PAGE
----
Our data demonstrate that respiratory rate was decreased slightly and had no significant difference compared with baseline levels in Group VIMA. In this study, it was impossible to monitor tidal volume or end-tidal concentration of sevoflurane or carbon dioxide via the side port of rigid bronchoscope, so we could not collect these data, and this was a limitation of our study. It was reported that sevoflurane administered below 1.3 minimum alveolar concentration (MAC) maintained spontaneous respiration at acceptable levels during surgical stimulation.13 Another study14 showed that respiratory frequency increased to compensate the decreased minute volume when the sevoflurane level was more than 1.4 MAC. In our study, the end-tidal sevoflurane was not monitored, and the respiratory rate was not increased, but the inhalational concentration of 2.5–3.5% sevoflurane after induction was observed to maintain spontaneous respiration with preserved respiratory rate. In Group TIVA, respiratory rate was decreased significantly after anaesthetic induction and returned to the baseline level at discharge, and respiratory rate was significantly higher in patients anaesthetized with sevoflurane VIMA as compared with patients receiving propofol–remifentanil TIVA. Successful use of propofol–remifentanil TIVA in paediatric patients undergoing gastrointestinal endoscopy or flexible bronchoscopy has been reported in previous studies.9,15 Although decreased respiratory rate was observed, hypoxemic events were not found in these trials. In our study, unlike these studies, breath holding was observed in 10 patients and desaturation was seen in 12 patients in Group TIVA, and this discrepancy could be due to the stimuli of tracheobronchial procedure. In Group VIMA, breath holding occurred in only two patients and desaturation was seen in five patients. These adverse events occurred less often in Group VIMA than in Group TIVA. Preserved respiratory frequency and a lower incidence of breath holding and desaturation in patients receiving sevolurane VIMA suggested that this technique provides a more stable respiratory level and relieves the intratracheal procedure stimuli better than propofol–remifentanil TIVA. Similar intubating conditions between the two groups suggested that both anaesthetic techniques provide satisfactory bronchoscopic intubating conditions for foreign body removal in paediatric patients.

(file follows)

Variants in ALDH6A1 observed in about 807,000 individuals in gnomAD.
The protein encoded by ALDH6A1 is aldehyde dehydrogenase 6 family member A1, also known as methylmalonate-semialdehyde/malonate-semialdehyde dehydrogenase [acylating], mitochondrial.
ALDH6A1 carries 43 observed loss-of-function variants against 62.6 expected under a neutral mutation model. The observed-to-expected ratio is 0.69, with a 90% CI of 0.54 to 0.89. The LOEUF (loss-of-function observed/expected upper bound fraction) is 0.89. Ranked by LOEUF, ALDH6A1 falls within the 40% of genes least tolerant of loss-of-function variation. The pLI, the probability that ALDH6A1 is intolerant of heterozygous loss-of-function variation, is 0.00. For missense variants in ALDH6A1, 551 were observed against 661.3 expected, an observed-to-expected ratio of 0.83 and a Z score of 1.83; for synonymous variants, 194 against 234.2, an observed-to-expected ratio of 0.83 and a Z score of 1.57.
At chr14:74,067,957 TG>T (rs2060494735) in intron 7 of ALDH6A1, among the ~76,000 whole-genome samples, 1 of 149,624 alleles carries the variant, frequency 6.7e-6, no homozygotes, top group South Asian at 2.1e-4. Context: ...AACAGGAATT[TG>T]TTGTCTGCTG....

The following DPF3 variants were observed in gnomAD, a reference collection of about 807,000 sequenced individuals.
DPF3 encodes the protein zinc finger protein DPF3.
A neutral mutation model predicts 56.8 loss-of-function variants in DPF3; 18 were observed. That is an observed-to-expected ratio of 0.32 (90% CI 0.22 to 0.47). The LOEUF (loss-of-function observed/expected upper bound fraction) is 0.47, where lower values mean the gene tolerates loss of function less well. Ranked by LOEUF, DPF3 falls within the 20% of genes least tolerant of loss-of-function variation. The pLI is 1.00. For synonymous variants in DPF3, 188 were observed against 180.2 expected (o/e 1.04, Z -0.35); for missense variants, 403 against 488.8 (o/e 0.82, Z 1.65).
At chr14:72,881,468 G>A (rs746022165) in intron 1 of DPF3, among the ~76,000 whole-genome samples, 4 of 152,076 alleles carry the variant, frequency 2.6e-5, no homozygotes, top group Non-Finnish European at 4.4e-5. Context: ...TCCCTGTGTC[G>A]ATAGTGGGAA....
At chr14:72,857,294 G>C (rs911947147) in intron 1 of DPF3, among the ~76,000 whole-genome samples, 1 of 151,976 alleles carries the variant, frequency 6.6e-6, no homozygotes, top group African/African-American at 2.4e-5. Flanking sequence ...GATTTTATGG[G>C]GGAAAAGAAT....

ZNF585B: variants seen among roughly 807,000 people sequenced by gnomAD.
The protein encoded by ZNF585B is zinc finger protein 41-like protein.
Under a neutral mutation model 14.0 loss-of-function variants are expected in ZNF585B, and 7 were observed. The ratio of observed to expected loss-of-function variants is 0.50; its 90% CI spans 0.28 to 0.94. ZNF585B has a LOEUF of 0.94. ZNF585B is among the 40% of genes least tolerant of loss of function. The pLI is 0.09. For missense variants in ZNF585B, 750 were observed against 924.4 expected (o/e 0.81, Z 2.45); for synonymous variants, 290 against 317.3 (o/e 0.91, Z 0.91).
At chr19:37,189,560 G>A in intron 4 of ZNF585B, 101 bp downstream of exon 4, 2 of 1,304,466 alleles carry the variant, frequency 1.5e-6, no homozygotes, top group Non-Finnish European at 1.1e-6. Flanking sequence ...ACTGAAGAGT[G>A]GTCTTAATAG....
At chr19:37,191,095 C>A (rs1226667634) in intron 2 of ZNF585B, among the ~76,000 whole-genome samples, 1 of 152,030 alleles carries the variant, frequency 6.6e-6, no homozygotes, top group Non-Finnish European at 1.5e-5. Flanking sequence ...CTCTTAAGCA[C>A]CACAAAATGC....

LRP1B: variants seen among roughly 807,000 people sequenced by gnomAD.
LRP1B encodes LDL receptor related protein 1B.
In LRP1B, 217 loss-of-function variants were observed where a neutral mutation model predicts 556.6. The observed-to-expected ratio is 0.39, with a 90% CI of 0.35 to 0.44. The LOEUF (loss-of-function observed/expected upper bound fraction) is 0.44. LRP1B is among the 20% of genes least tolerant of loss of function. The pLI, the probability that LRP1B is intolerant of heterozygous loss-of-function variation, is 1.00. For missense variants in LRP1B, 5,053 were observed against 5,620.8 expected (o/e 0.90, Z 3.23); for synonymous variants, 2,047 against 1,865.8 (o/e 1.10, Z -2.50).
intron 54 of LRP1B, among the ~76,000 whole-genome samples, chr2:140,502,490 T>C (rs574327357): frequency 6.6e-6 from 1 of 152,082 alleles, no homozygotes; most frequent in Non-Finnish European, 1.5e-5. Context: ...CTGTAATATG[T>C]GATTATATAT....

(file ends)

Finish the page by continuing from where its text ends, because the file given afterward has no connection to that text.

Differences between VIMA and TIVA were observed in HR and BP. Sevoflurane VIMA was associated with higher HR than propofol–remifentanil TIVA. Sevoflurane VIMA has been proven to provide a satisfactory depth of anaesthesia for paediatric procedures,16 and our purpose was to compare the two anaesthetic techniques, VIMA and TIVA, so extra analgesic was not given to patients in Group VIMA, whereas remifentanil was given to patients in Group TIVA. Lack of opioids in Group VIMA may be attributed to the higher HR, and this was a limitation of our study. After anaesthetic induction, MAP was significantly higher in Group VIMA than that in Group TIVA. During procedure, depth of anaesthesia was monitored by BIS and maintained at the same levels between 40 and 50. Nishiyama et al.17 reported rapid induction of anaesthesia with sevoflurane 7% and tidal volume breathing induced minor haemodynamic changes and has no inhibitory effect on sympathetic activity, and propofol–remifentanil TIVA had stronger inhibition of the neuroendocrine reaction to stress than sevoflurane.18 This could be the explanation of the higher MAPs in patients receiving sevoflurane VIMA.

Higher incidence of excitement in Group VIMA than Group TIVA could be attributed to the more rapid emergence from anaesthesia with sevoflurane,19 and this finding is similar to previous studies.20 In this study, none of the patients were premedicated, and the isolated effects of the two anaesthetic techniques, VIMA and TIVA, were evaluated with little confounding factors that may influence anaesthetic profiles. For operating team, including anaesthesiologists, surgeons and nurses, gas contamination is unavoidable due to the open ventilation system during VIMA. This issue should be considered when choosing the anaesthetic technique for paediatric airway procedures.

In summary, compared with propofol–remifentanil TIVA, sevoflurane VIMA provides more stable haemodynamics and respiration, faster induction and recovery and higher incidence of excitement in paediatric patients undergoing tracheal/bronchial foreign body removal.


There are no conflicts of interest.


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propofol; rigid bronchoscopy; sevoflurane; tracheal/bronchial foreign body